2. Bake. Preheat the oven to 350 degrees. Place the risen rolls in the oven and bake for 9-11 minutes, or until golden brown. You can do two sheets at a time, but the bottom sheet might need an additional minute to brown.
  3. Butter. While the rolls are still warm, brush them with melted salty butter. Stuff one in your face while they’re still warm. Sigh in contentment and victory.
Brushing melted butter onto a warm butterhorn dinner roll.

How to Freeze Butterhorn Rolls

There are two different ways we recommend freezing butterhorns. One is before they’ve risen, and one is after they’re baked.

To freeze rolls before they rise:

  1. Roll up the butterhorns as usual and place on a baking sheet, close together, but not touching. Flash freeze for 1 hour, then transfer to a freezer bag. Freeze for up to 3 months.
  2. When ready to bake, remove the rolls from the freezer and place them back on baking sheets, 1 ½ inches apart. Cover and let rise in a warm spot until puffed, usually 4-5 hours. Bake as usual.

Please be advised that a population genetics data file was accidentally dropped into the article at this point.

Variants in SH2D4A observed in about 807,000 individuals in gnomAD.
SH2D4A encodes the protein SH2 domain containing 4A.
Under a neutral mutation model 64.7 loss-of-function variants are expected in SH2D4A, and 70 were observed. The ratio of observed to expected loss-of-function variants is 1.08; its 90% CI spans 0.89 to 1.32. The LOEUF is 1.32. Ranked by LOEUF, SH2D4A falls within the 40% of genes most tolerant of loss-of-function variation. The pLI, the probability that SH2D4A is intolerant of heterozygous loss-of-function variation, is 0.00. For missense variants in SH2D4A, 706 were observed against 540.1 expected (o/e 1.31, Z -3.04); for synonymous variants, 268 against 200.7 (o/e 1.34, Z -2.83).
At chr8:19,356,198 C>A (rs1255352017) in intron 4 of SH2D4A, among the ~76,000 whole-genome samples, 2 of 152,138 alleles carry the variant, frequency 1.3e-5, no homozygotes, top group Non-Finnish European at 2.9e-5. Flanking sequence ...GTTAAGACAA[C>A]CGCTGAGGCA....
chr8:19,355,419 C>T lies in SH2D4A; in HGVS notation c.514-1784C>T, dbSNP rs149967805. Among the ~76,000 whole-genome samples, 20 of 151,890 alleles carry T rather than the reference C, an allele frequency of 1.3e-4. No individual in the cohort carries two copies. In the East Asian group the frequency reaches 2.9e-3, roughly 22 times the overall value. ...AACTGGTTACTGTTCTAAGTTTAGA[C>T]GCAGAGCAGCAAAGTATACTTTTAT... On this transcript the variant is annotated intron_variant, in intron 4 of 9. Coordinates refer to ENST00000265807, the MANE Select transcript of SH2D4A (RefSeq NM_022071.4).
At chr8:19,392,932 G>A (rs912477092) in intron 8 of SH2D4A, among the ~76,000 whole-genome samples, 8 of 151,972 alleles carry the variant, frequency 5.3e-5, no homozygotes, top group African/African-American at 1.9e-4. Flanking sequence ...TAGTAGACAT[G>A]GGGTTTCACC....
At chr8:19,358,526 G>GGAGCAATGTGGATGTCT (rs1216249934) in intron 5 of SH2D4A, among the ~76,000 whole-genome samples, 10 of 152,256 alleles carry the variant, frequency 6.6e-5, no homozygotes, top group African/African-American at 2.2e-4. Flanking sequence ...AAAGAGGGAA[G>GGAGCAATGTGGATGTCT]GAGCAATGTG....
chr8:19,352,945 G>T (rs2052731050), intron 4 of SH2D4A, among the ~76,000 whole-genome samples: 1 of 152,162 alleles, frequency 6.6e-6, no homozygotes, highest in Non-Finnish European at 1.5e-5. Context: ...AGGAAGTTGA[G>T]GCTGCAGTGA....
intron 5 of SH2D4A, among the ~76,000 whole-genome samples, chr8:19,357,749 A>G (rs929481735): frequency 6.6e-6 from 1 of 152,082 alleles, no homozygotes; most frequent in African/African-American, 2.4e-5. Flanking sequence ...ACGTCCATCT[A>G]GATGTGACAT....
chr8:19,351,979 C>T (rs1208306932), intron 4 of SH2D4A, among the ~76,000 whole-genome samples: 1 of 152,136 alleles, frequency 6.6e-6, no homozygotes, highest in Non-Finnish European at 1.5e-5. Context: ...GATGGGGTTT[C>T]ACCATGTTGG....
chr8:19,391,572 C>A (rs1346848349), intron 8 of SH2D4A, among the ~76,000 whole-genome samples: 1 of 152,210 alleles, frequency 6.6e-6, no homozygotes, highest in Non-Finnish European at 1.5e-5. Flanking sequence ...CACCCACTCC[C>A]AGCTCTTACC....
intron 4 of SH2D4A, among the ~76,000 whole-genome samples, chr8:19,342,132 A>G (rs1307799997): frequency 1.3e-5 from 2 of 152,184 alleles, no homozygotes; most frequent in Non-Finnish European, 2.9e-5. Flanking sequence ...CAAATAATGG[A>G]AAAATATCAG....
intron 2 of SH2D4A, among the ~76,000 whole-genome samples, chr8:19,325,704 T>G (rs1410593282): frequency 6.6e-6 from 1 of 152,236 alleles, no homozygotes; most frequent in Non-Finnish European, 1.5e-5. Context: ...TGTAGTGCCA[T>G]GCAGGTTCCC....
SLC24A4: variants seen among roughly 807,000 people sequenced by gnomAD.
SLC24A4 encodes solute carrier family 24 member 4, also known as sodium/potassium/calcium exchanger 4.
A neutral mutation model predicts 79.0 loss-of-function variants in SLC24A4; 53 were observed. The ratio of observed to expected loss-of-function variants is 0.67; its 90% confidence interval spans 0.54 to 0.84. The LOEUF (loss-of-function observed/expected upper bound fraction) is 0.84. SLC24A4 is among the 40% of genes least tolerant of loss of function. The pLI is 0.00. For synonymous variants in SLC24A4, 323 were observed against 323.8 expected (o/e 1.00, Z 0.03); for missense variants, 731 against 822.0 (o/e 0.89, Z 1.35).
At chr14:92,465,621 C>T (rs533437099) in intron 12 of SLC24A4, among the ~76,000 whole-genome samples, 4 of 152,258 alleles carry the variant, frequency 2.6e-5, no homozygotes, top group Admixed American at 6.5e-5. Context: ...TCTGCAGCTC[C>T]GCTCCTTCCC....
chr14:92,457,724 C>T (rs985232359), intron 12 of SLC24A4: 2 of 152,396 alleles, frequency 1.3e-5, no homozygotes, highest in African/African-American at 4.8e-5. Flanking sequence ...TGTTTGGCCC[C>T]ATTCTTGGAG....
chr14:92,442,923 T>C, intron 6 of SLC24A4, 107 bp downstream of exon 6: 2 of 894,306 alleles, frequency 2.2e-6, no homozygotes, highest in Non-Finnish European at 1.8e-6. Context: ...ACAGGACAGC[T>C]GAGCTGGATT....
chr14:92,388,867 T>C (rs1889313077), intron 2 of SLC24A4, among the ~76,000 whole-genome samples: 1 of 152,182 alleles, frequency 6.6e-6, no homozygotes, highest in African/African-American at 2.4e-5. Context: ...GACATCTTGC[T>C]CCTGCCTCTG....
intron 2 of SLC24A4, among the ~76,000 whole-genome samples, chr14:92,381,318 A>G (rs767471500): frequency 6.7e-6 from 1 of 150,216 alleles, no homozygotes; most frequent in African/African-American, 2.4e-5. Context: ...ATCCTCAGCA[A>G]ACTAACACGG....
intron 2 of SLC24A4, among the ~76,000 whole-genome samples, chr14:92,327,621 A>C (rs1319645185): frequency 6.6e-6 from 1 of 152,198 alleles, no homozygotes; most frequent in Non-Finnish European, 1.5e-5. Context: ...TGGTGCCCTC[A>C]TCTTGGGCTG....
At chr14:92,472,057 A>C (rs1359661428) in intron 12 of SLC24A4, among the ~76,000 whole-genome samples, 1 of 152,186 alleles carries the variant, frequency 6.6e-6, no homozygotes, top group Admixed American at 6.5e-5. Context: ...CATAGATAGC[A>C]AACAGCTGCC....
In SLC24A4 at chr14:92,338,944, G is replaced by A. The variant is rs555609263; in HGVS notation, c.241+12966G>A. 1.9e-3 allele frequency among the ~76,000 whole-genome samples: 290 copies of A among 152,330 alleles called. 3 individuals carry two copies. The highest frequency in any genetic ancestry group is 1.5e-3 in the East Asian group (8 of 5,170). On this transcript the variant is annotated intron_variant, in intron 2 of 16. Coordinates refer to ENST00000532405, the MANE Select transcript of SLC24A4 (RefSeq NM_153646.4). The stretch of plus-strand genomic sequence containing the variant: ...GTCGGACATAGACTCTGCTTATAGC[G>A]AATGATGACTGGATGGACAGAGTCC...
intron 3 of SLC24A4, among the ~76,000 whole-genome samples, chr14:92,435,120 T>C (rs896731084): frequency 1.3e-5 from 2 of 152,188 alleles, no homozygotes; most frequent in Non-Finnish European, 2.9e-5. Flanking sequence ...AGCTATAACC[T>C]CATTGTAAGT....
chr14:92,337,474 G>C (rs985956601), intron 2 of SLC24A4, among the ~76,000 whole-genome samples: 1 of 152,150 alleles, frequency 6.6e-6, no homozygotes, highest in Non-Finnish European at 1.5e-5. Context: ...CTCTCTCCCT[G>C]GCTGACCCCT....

To freeze baked rolls:

  • Fully bake the rolls, then cool completely. Place on a baking sheet, close together, but not touching. Flash freeze for 1 hour, then transfer to a freezer bag. Freeze for up to 3 months.
  • Thaw rolls overnight at room temperature. Reheat in a warm oven for a few minutes before serving.
A basket of dinner rolls.
Butterhorns.

Storage and Leftover Instructions

Like most homemade yeast breads, these butterhorns are at their peak served fresh from the oven. That said, they’ll last for several days stored in a ziplock at room temperature.

To reheat leftover rolls, wrap them in a damp paper towel and microwave in 10 second bursts.

Alternatively, wrap the rolls in foil and reheat in a 350 degree oven for 5-7 minutes.

Tips for Success

  • Ensure your yeast is not expired. If you’re worried your yeast might be old, give it a test! When you’re dissolving the yeast in milk, add a teaspoon of sugar to the mix. It should foam up and be a bit bubbly. Yeast is cheap, so if there’s any doubt just get new yeast.